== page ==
By default, single women have always taken responsibility for managing household wealth, but the latest in a series of ongoing studies into the attitudes and actions of women around financial topics found that an ever-increasing percentage of married women are taking charge of financial and retirement planning for their families.
Prudential’s “Financial Experience & Behaviors Among Women 2014-2015” — which surveyed more than 1,400 women aged 25 to 68 across all income levels and key ethnic groups — found that currently 27% of married women are in charge of household financial planning — up from 14% in 2006. Women also continue to contribute heavily to household income, with 44% reporting that they are the primary breadwinners for their families. This number has fluctuated in recent years, likely reflecting the evolving state of the economy.
Lingering Confidence Issues
Even as the economy improves and women step up their involvement in financial decision-making and goal-setting, their confidence in their ability to meet these challenges has remained virtually unchanged over the past 20 years. For instance, this year 75% of women said having enough money to live comfortably in retirement was “very important,” but just 14% were “very confident” they would achieve that goal. Similarly, 66% of women said being prepared for rising health care costs was a very important financial goal, but just 9% felt confident in their ability to do so.
Fewer Seeking Professional Help
Despite these realities, the number of women who seek the advice of financial professionals has declined dramatically in recent years. Just under a third (31%) of women interviewed for this study are currently working with a financial advisor — that’s down from 48% in 2008. With retirement fast-approaching Boomer women are most likely to use a financial professional (45%) followed by Generation Xers (31%) and Millennials (15%).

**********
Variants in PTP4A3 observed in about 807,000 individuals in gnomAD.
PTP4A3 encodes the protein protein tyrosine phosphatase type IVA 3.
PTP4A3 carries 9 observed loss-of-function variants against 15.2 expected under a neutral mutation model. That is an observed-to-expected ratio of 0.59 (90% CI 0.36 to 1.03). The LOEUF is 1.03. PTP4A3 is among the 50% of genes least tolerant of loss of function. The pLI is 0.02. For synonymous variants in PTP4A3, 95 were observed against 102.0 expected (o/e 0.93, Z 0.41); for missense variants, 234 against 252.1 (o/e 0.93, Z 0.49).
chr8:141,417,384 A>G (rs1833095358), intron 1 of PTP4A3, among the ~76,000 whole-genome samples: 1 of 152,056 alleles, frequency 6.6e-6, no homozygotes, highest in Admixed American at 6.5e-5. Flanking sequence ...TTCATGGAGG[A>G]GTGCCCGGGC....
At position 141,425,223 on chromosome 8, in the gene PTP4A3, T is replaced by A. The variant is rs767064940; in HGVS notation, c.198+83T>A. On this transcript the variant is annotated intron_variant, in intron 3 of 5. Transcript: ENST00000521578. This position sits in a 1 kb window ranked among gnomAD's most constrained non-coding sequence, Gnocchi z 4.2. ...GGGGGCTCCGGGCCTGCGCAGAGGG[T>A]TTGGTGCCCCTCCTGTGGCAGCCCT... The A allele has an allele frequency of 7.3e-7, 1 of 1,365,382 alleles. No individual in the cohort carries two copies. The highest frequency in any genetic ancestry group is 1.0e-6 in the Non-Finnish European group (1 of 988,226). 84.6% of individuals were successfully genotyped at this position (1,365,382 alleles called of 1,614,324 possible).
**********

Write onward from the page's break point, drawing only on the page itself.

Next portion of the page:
Overall, more than half (53%) of those who use advisors feel on track or even ahead of their plans with regard to saving for retirement, compared with just 23% of women who do not seek professional help.
The trend away from using advisors may be fueled, in part, by advances in technology that make financial information readily available 24/7 via smartphones, tablets, and PCs. Social media is also becoming a go-to resource for women seeking information about financial products and services. But the trend toward using online resources to educate and assist in decision-making is driven largely by age: 34% of Millennial women report using personal online financial management tools “sometimes” or “often” compared with just 18% of Baby Boomers.
What Women Want: Tough Advice for Advisors
When asked why they choose not to work with advisors, the primary reasons cited included not having enough assets to warrant professional guidance and high advisory firm fees. Women also voiced strong opinions about the financial services industry, indicating that firms need to simplify the process, use less jargon, put customers’ interests above their own, and exhibit ethical integrity. Among all potential customers — women and men alike — just 20% believe that financial services firms truly understand their needs.